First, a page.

Journey Through The Scriptures
The Twelve Tribes of Israel, Part I
Lesson 2: Two Prominent Sons
(Scripture to Read: Genesis 35:21–26; 37:1–30; 38:1–30; 49:3–4, 8–12)
With this lesson we are plunged into the complex, and sometimes shameful, history of Jacob’s twelve sons. It is interesting to compare the relatively rapid birth of Leah’s first four sons with the twenty-five long years that Abraham had to wait for the birth of Isaac. And Isaac himself had only Esau and Jacob. But with Jacob’s family we begin to see the multiplication of Abraham’s descendants in accordance with God’s promise to him (Genesis 12:2; 15:45).
We have paired Judah with Reuben because these two stand out among the first group of sons. Firstborn Reuben should have been the leader. But for His purposes, God had established the principle in Abraham’s family that “the older will serve the younger” (Genesis 25:23) – so Judah and his tribe rose to prominence. Reuben forfeited his rights by sleeping with Bilhah, one of his father’s wives. Judah’s flawed character played out in his evil sons and his disgraceful act with his daughter-in-law, Tamar. The deathbed prophecies Jacob gave to Reuben and Judah spoke of their character, but also included the astounding promise to Judah that the Messiah would come from his line, an anticipation of Israel’s later kingship that was centered in the land of Judah.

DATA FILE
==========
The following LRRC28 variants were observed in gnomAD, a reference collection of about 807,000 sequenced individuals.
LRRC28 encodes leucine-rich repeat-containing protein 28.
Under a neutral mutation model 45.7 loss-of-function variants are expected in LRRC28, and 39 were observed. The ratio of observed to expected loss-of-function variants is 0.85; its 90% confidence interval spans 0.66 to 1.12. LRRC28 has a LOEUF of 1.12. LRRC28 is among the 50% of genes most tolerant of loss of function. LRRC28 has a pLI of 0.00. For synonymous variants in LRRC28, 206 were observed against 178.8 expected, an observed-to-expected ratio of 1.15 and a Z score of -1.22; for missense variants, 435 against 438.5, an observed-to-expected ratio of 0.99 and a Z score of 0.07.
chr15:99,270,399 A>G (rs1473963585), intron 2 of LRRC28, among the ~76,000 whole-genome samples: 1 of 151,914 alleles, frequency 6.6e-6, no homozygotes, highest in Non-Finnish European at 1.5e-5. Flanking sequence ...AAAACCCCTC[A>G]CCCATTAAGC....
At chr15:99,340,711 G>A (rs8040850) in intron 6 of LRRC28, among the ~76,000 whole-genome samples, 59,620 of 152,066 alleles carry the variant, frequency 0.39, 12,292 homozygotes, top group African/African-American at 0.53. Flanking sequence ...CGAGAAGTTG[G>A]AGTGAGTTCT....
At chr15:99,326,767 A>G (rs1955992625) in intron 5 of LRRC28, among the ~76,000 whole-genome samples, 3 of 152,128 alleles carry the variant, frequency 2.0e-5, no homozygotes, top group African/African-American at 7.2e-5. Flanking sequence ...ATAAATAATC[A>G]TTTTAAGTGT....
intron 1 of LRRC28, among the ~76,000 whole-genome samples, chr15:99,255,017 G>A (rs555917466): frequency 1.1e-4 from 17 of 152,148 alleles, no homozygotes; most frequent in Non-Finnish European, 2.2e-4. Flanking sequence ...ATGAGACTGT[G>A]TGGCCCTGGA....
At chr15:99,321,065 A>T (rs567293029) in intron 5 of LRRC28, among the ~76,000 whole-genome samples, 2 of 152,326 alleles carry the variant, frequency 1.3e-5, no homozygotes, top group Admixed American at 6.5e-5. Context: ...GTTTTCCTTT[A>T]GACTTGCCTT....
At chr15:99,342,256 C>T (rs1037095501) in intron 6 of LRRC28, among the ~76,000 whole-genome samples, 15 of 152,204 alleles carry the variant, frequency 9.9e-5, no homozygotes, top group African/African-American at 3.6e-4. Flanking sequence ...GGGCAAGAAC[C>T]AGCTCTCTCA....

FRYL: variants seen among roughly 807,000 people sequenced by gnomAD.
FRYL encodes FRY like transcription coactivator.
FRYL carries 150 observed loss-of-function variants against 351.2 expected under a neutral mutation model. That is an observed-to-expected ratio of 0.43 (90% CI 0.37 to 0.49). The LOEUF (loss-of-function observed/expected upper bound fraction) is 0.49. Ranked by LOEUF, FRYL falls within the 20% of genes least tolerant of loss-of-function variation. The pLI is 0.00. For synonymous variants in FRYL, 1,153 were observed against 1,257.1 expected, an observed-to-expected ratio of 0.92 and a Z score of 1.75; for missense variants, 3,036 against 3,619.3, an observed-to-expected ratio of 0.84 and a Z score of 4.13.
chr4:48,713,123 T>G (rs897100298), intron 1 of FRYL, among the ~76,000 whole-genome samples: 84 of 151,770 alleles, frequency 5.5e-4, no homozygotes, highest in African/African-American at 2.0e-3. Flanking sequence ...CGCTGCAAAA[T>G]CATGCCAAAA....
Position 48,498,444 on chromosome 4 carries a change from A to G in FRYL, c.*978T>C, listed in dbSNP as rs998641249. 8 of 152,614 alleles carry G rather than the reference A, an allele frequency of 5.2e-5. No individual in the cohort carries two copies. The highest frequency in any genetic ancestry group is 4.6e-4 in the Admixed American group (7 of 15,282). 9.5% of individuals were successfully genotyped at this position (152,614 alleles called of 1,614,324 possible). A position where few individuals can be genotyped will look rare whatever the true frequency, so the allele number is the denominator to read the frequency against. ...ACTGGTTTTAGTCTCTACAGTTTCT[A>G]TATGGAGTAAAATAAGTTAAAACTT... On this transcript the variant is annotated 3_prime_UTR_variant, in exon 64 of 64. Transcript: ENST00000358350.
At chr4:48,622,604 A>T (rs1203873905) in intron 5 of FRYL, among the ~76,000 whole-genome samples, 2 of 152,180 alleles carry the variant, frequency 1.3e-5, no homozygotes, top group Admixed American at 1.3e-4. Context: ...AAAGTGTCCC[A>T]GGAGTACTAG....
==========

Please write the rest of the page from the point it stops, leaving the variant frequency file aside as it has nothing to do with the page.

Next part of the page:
- Reuben's actions may have been an unwise attempt to proclaim himself as Jacob's heir. How might Reuben's act have signified that he was declaring himself the new family leader?
- Why were Er and Onan, the first two sons of Judah, put to death by the Lord?
- What does Jacob's prophecy mean when he said the scepter would not depart from Judah "until he comes to whom it belongs" (Genesis 49:10)?
- How did the blessing of Jacob that "brothers will praise you" (Genesis 49:8) come true for Judah?
Something to Think About
Even though Judah and his family made serious mistakes, God still graciously elevated Judah’s tribe to a place of leadership. Perhaps one reason is that, unlike Reuben, Judah expressed remorse for his sin. This can be an encouragement for us, because we all err. God can restore and use anyone who is willing to turn to Him for forgiveness.